Laptop HD Partition Problem

A non-techie 70-yr-old friend of mine has a 3.5 year-old Sony laptop with a 40 GB hard drive that she got at Best Buy. For some reason, the laptop was segmented into two 20 GB partitions when she got it. Now, she is running out of space on her C drive and the D drive is wasted space. She really would benefit if there were just one 40 GB C drive partition. (It would really simplify things for her to not have to worry about moving files or changing paths for “My Documents” to the D partition, or some such workaround).

If this were a desktop PC, I could advise buying a new hard drive and it would be an easy swap out. What do you recommend be done in the case of a laptop?

It’s very simple to move “My Documents” to the other partition. Turning off System Restore would also free up a load of space.

That said, any tool like PartitionMagic can re-size or even merge the partitions, with the understanding that all data should be backed up before attempting such an operation.

Thanks for your suggestions.

It would be better if she didn’t have to change any Restore settings, or change directory mappings. I don’t want her to have problems locating stuff since I won’t be around to help her in a lot of cases.

Is that because the hard drive might get wiped somehow, and need to be reformatted? How likely is that to happen using PartiionMagic to merge the partitions? She could back up her data, but I’m not sure if she has a recovery disk for reinstalling all her software. And it would be a pain to have to get her system back to where it is now after being reformatted.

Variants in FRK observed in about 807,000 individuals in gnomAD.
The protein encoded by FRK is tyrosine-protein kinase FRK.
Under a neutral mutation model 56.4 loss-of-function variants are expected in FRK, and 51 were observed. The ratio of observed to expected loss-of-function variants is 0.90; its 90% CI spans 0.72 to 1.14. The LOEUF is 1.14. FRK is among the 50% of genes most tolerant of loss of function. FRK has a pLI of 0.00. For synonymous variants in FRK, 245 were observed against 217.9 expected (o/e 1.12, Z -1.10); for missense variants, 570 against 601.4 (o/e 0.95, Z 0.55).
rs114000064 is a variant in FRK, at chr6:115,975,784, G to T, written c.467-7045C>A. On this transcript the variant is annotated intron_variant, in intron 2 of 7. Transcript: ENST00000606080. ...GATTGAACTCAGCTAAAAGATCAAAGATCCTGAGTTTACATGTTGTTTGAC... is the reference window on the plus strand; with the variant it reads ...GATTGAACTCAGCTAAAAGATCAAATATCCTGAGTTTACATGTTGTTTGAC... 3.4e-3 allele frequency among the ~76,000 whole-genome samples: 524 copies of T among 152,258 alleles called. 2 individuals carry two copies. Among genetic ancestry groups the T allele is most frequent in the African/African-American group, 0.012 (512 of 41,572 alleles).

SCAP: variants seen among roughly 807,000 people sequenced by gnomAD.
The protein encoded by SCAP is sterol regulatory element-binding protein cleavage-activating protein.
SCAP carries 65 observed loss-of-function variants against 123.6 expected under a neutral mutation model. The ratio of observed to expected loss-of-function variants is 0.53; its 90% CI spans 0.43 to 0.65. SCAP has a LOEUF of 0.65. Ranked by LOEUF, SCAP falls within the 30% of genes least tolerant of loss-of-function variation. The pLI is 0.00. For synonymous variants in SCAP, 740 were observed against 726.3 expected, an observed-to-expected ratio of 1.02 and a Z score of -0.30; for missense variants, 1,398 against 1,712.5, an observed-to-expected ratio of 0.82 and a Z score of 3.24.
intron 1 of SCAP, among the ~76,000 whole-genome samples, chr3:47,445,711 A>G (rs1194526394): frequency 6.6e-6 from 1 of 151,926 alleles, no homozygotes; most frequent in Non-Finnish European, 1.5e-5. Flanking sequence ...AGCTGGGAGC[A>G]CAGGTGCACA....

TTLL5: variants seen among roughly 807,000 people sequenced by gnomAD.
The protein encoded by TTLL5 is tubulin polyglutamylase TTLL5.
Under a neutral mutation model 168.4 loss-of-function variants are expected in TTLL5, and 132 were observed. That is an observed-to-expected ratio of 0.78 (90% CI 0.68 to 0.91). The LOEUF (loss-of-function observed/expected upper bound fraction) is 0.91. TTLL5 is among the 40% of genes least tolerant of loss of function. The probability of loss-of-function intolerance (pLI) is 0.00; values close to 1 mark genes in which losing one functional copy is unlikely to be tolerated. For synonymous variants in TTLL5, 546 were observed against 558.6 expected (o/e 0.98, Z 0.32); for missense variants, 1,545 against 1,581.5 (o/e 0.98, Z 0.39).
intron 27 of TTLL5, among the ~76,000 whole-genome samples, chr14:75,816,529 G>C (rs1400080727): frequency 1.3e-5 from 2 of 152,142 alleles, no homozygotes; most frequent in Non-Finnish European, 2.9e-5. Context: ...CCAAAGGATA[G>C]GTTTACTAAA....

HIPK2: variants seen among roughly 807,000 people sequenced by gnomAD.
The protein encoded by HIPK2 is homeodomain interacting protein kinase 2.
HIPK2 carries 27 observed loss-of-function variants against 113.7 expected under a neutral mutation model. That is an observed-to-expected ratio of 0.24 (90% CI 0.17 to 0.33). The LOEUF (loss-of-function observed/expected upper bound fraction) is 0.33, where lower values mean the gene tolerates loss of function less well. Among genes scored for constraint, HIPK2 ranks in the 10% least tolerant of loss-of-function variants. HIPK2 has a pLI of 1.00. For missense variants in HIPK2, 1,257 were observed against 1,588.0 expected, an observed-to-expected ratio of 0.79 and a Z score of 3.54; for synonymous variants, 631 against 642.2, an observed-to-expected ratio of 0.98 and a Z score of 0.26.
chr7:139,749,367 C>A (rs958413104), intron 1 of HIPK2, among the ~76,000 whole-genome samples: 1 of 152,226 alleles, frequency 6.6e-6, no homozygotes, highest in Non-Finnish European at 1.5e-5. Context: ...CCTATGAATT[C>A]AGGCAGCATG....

Tools such as PartitionMagic are designed to rearrange partitions on your harddrive while preserving the data, BUT if something unforeseen should happen during such an operation, it’s possible that the harddrive could be left in an unbootable state and/or with other data partitions unavailable.

This is a very rare occurence, but it can happen. I have used PartitionMagic hundreds of times and I have experienced such a problem 2-3 times.

That’s why CDan is recommending that data should be backed up first, because you’ll be sorry you didn’t if you experience one of the very rare problems and you can’t retrieve your data and have to install everything from scratch.

What about a larger replacement HDD in an external USB case, and use True Image to clone your present HDD the replace it with the larger one?

It’s amazingly simple. Just right-click on “My Documents” and change the target, then copy the contents of the old folder to the new one. It’s a completely transparent change.

System Restore is hogging 12% of her hard drive, has she ever used it? Turn it off completely, reboot, then re-set Restore to use 2% of the drive instead of 12%.

Another way to regain a lot of space is a free tool called CCleaner.

The Internet Explorer cache and Java cache can also waste a lot of space on the harddrive, but the size of either or both can be set to something smaller. CCleaner will clean out both of these caches and lots of other stuff as well.

Adobe Acrobat/Reader can also leave a lot of old setup files on the harddrive, and Windows/Microsft Update can also take up a lot of room with files that will only be used if you ever decide to uninstall a patch.

If you have upgraded Java a number of times, the old Java version will take up a lot of space because they are not uninstalled automatically. Each Java version can easily be > 100 MB. Old Java version can be removed with Add/Remove Programs in the Control Panel.

There’s a lot of space to be gained if you decide to clean up and know how.

Compressing stuff on the C drive is also an option that can save some space, but I wouldn’t recommend compressing the whole C drive.